Experiments were performed in Japan during the summer (from September to October) to avoid seasonal acclimation to a cold environment. It was difficult to collect data during both the F and L phases of one menstrual cycle in this 2-month period of each year. For example, sometimes the experiment in the F or L phase could not be performed because the subject was ill or had obligations and was therefore not available for testing in that particular phase. Thus, it took 2 years to collect data on six subjects in the period from September to October; we therefore limited the study population to these six subjects.

All experiments were performed in the morning to avoid the effects of activity performed before the experiment. The experimental room was maintained at 27.9 ± 0.1 °C with a relative humidity of 56.3 ± 3.0%. Subjects were allowed to drink water ad libitum before the experiment, but water intake was limited during the experiment. Subjects rested in a seated position, and Tsk and cutaneous blood flow were measured using infrared thermography (Thermo Shot F30; Nihon Avionics, Tokyo, Japan) and laser Doppler flowmetry (LDF; Omegaflo FLO-C1 HP; OMEGAWAVE, Inc., Tokyo, Japan), respectively. Tympanic temperature was measured using a tympanic thermometer (Kenonkun C-510; OMRON HEALTHCARE Co., Ltd., Kyoto, Japan). Mild local cooling (24.7 ± 0.4 °C) was then applied for 30 min by wrapping the right foot in a cooling medium (Shirokuma’s Summer Scarf [regular]; Bigwing Co. Ltd., Osaka, Japan) (Fig. 1B). The cooling medium was filled with water. The local cooling temperature was set based on our own pre-experimental results. The difference between ambient temperature and cooling temperature was 3 °C. In our previous study, the dorsum of the foot of young women was stimulated by direct skin cooling from 27.5 to 25 °C; the difference was thus 2.5 °C [7]. These moderate decreases (2.5 or 3 °C) were considered to constitute mild cooling. After 30 min of cooling, the cooling medium was removed and the foot was maintained for 30 min in the same position for recovery. Prior to the experiment, we ensured that the cooling medium could maintain a temperature of 24.7 ± 0.4 °C for 30 min. Blood pressure was not measured, as a previous study had shown that the mean arterial pressure of young women did not differ between F and L phases at ambient temperature of 29, or 23.5 °C for 80 min [11]. Additionally, we believed that the blood pressure response under the conditions of the present study would not change due to mild local cooling (cooling medium 24.7 °C for 30 min) of foot because the temperature was higher than that of previous study [11]. The skin temperature of the cooled foot was not measured because it was covered with cooling medium.

Fig. 1
figure1

Schema of the left (A) and right (B) feet. A Left foot. Filled circles denote locations at which skin temperature (Tsk) was measured; specifically, at the large (a), second (b), third (c), fourth (d), and little toe (e), respectively; at the medial (f), central (g), and lateral surfaces (h) of the head of the metatarsal bone areas; at the medial (i), central (j), and lateral surfaces (k) of the tarsometatarsal joint areas; at the medial (l), central (m), and lateral (n) surfaces of the transverse tarsal joint areas in the dorsum of the foot. Filled and white triangles denote places at which the laser Doppler flowmetry probe was placed. B Right foot. The rectangle denotes application of the cooling medium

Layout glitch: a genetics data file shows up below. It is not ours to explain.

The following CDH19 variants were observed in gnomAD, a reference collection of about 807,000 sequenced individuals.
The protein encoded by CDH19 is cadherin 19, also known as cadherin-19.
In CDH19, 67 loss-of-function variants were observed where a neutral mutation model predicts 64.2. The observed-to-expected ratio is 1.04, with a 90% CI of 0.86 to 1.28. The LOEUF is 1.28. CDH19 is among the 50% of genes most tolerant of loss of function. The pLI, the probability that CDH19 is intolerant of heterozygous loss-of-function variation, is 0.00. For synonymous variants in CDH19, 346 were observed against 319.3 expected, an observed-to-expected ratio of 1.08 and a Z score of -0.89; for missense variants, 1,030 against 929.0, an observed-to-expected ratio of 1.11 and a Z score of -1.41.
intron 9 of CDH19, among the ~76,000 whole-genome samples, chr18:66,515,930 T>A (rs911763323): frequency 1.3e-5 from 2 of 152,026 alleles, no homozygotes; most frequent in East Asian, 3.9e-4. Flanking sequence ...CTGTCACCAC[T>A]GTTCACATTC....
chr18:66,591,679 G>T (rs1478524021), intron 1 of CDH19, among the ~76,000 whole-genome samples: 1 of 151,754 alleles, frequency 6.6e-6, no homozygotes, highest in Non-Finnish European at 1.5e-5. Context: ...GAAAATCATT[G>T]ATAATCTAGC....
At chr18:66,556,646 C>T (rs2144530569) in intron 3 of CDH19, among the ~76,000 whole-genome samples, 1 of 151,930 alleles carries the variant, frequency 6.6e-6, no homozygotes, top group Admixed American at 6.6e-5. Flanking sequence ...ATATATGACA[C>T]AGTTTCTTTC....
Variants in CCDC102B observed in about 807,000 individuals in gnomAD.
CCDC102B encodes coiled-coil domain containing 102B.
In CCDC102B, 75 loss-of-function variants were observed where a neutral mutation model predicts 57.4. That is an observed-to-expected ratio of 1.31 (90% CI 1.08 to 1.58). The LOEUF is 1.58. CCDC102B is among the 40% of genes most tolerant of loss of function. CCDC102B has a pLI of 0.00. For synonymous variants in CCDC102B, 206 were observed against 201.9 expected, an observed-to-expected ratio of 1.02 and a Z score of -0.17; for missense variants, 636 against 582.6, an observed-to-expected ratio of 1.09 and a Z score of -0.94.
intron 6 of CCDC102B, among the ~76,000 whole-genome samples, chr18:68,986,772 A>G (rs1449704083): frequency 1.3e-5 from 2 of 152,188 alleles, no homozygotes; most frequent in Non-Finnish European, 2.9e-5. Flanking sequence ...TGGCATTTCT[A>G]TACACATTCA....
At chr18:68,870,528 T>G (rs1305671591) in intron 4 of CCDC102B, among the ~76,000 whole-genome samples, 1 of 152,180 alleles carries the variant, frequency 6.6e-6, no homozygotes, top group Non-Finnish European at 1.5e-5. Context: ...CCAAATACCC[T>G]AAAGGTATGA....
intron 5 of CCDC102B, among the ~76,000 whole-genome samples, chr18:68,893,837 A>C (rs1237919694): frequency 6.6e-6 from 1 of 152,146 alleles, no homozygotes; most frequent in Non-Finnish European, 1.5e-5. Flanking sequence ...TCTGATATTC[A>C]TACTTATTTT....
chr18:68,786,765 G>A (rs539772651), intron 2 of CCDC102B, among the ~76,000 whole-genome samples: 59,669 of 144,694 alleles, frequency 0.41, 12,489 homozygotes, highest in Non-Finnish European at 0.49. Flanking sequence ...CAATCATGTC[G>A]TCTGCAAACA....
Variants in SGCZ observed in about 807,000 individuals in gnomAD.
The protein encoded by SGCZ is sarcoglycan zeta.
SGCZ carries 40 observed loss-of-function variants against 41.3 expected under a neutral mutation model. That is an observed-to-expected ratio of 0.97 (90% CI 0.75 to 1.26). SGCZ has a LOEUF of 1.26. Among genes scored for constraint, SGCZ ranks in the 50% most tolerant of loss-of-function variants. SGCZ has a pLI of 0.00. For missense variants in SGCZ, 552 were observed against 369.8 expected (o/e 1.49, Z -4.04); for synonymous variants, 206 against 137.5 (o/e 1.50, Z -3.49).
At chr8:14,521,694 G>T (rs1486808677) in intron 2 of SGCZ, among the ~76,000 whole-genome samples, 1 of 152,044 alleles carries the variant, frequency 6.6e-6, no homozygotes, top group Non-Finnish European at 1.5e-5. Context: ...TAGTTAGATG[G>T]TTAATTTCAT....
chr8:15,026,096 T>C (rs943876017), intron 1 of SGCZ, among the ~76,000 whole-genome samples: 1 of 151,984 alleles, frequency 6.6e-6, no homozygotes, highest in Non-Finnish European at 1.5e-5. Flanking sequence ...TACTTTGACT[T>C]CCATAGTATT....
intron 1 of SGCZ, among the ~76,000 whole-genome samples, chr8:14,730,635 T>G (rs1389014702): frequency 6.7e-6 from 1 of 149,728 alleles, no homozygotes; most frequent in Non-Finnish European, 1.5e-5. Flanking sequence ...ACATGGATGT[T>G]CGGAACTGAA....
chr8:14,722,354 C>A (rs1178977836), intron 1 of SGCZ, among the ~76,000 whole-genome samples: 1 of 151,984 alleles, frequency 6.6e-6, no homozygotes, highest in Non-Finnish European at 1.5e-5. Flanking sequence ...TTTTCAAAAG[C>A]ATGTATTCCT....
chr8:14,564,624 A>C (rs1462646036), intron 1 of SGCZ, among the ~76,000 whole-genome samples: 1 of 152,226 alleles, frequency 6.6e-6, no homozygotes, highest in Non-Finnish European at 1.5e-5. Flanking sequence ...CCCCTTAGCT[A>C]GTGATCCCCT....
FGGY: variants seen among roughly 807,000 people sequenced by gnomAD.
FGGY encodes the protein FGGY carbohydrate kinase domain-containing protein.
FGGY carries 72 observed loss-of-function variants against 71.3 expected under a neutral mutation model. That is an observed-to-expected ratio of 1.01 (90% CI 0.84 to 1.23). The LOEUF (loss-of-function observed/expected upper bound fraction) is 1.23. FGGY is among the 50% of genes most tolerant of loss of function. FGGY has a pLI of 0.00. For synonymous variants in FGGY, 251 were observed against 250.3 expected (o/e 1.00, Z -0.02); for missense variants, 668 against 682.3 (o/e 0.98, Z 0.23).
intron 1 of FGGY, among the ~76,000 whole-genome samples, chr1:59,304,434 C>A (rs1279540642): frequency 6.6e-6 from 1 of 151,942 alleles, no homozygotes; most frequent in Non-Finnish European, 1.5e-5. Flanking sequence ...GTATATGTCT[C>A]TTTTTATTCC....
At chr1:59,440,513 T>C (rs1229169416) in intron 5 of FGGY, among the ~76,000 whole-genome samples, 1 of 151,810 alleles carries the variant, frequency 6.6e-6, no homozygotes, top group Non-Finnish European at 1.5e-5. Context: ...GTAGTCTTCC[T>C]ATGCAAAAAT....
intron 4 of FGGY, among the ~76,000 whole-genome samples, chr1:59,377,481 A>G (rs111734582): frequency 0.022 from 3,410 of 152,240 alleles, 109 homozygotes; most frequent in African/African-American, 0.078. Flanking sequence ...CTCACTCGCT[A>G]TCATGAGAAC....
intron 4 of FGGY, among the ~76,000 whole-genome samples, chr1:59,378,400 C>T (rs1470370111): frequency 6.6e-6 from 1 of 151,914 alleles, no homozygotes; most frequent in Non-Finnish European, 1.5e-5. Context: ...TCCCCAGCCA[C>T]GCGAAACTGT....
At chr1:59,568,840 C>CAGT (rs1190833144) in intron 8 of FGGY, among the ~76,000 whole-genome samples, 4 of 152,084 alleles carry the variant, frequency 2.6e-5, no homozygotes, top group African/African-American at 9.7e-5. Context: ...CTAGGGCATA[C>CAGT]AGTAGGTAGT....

Measurements

The Tsk of all toes (specifically, the big, second, third, fourth, and little toes) of the left foot and of the dorsum of the left foot (including the head of the metatarsal bone area, the tarsometatarsal joint area, and the transverse tarsal joint area) was measured using infrared thermography at 1-min intervals (Fig. 1A). LDF of the lateral surface of the big toe and lateral surface of the transverse tarsal joint area of the left foot was measured as an index of cutaneous blood flow at 15-s intervals, and was averaged every 10 min (Fig. 1A). The two measurement points of LDF were selected because the change in Tsk of the big toe was the greatest among all toes, while the change in the Tsk of the lateral surface of the transverse tarsal joint area was blunted during mild local cooling in our pre-experiment assessments.

Statistics

Data were presented as the mean ± standard error. The Tsk values from the surface of the head of the metatarsal bone areas, tarsometatarsal joint areas, and transverse tarsal joints in the dorsum of the foot were averaged from the Tsk obtained from three points in each area (Figs. 1A: f, g, and h; i, j, and k; and l, m, and n, respectively). The standard value to calculate the LDF ratio was the 10-min average of the LDF during the rest phase. The LDF in the F and L phases in the cool and recovery phases was under 150% (Fig. 5A). We took an increase in the LDF of 200% to indicate a marked rise. Therefore, a spike in the LDF was defined as an averaged LDF per minute that was > 200% of the LDF and peak of waveform in the LDF; the number of spikes was counted. Differences between the F and L phases were assessed by a repeated-measures two-way analysis of variance (ANOVA) using the SPSS statistics package version 21 (IBM Corp., Armonk, NY, USA). A post hoc t test was performed to identify significant differences at specific time points between the F and L phases. The Tukey–Kramer method was used to identify significant differences between the rest, cool, and recovery phases in the number of spikes in LDF in the big toe of the left foot (hereafter referred to as left big toe). The null hypothesis was rejected at a level of p < 0.05.

Results

Skin temperature